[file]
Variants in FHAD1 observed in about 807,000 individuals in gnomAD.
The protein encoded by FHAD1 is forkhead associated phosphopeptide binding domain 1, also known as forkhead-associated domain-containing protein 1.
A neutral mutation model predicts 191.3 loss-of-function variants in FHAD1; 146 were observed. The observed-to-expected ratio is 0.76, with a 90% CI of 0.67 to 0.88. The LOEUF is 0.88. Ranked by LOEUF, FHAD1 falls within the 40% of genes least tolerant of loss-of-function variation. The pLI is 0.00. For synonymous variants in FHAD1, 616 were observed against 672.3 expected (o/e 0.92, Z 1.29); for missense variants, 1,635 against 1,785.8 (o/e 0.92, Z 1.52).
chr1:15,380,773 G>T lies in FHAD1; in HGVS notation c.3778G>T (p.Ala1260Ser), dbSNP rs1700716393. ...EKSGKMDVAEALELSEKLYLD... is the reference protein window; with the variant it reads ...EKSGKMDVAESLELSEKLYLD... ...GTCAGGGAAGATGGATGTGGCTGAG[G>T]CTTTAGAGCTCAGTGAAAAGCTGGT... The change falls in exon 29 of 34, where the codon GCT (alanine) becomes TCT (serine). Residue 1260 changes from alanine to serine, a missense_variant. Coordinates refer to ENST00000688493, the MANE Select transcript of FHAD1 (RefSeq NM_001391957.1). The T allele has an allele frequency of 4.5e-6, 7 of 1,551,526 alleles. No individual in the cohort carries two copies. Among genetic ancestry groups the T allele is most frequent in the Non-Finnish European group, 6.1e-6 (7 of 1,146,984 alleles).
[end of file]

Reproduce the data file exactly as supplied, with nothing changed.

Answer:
Variants in FHAD1 observed in about 807,000 individuals in gnomAD.
The protein encoded by FHAD1 is forkhead associated phosphopeptide binding domain 1, also known as forkhead-associated domain-containing protein 1.
A neutral mutation model predicts 191.3 loss-of-function variants in FHAD1; 146 were observed. The observed-to-expected ratio is 0.76, with a 90% CI of 0.67 to 0.88. The LOEUF is 0.88. Ranked by LOEUF, FHAD1 falls within the 40% of genes least tolerant of loss-of-function variation. The pLI is 0.00. For synonymous variants in FHAD1, 616 were observed against 672.3 expected (o/e 0.92, Z 1.29); for missense variants, 1,635 against 1,785.8 (o/e 0.92, Z 1.52).
chr1:15,380,773 G>T lies in FHAD1; in HGVS notation c.3778G>T (p.Ala1260Ser), dbSNP rs1700716393. ...EKSGKMDVAEALELSEKLYLD... is the reference protein window; with the variant it reads ...EKSGKMDVAESLELSEKLYLD... ...GTCAGGGAAGATGGATGTGGCTGAG[G>T]CTTTAGAGCTCAGTGAAAAGCTGGT... The change falls in exon 29 of 34, where the codon GCT (alanine) becomes TCT (serine). Residue 1260 changes from alanine to serine, a missense_variant. Coordinates refer to ENST00000688493, the MANE Select transcript of FHAD1 (RefSeq NM_001391957.1). The T allele has an allele frequency of 4.5e-6, 7 of 1,551,526 alleles. No individual in the cohort carries two copies. Among genetic ancestry groups the T allele is most frequent in the Non-Finnish European group, 6.1e-6 (7 of 1,146,984 alleles).